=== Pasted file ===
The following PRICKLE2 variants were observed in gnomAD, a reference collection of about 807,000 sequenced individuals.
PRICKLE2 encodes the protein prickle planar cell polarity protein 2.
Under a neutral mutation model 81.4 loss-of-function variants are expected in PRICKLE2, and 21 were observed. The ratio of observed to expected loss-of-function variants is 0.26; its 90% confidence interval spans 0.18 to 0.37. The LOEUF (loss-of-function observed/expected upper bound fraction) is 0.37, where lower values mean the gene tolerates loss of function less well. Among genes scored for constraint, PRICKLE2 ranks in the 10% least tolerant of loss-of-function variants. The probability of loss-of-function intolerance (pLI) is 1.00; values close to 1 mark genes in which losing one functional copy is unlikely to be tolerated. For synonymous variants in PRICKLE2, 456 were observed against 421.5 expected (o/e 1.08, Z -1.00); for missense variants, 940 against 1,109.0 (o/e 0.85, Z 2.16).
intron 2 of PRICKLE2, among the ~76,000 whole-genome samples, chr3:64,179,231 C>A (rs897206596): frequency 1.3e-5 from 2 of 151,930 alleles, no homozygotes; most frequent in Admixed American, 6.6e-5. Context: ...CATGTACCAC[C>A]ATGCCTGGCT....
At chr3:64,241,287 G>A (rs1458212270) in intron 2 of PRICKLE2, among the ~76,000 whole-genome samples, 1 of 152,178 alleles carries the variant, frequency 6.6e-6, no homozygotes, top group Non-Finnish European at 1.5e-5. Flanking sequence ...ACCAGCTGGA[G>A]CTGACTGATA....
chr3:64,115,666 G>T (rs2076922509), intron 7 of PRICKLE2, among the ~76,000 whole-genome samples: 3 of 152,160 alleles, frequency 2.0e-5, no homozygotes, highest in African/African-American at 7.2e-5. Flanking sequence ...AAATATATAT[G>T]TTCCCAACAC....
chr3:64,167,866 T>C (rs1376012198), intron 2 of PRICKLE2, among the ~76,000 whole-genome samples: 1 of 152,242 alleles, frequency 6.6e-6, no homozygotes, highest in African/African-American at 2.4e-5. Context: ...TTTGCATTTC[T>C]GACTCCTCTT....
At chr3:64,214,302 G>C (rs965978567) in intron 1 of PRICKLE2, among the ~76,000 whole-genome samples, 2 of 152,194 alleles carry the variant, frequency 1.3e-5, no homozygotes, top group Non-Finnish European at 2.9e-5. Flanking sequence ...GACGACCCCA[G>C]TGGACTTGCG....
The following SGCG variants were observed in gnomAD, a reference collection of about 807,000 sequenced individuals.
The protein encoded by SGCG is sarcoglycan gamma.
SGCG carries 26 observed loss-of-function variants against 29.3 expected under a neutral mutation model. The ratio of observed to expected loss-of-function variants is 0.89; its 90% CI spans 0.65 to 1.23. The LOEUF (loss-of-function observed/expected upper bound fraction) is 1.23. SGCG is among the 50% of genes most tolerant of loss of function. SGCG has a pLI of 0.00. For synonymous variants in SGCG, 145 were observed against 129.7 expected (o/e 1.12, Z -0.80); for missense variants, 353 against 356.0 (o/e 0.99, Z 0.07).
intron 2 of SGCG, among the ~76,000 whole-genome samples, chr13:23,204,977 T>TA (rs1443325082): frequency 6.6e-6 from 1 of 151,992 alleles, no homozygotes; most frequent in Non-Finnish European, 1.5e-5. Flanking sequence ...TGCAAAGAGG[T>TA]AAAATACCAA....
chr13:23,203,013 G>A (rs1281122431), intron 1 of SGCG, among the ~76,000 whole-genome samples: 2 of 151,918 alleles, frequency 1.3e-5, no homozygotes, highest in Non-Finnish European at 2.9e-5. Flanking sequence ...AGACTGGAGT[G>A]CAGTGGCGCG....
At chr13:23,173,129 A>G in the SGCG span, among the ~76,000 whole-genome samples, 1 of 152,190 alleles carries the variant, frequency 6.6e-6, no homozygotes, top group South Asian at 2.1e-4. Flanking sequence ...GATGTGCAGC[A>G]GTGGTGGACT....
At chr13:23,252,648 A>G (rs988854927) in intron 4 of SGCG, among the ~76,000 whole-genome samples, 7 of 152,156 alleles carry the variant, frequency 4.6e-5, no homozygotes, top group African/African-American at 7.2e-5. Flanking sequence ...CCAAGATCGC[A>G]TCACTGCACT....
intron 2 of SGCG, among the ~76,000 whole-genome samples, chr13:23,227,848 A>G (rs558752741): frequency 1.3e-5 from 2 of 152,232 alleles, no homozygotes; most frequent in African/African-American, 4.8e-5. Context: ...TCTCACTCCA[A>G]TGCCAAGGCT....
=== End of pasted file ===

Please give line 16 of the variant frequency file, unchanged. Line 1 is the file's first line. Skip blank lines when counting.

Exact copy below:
intron 2 of SGCG, among the ~76,000 whole-genome samples, chr13:23,227,848 A>G (rs558752741): frequency 1.3e-5 from 2 of 152,232 alleles, no homozygotes; most frequent in African/African-American, 4.8e-5. Context: ...TCTCACTCCA[A>G]TGCCAAGGCT....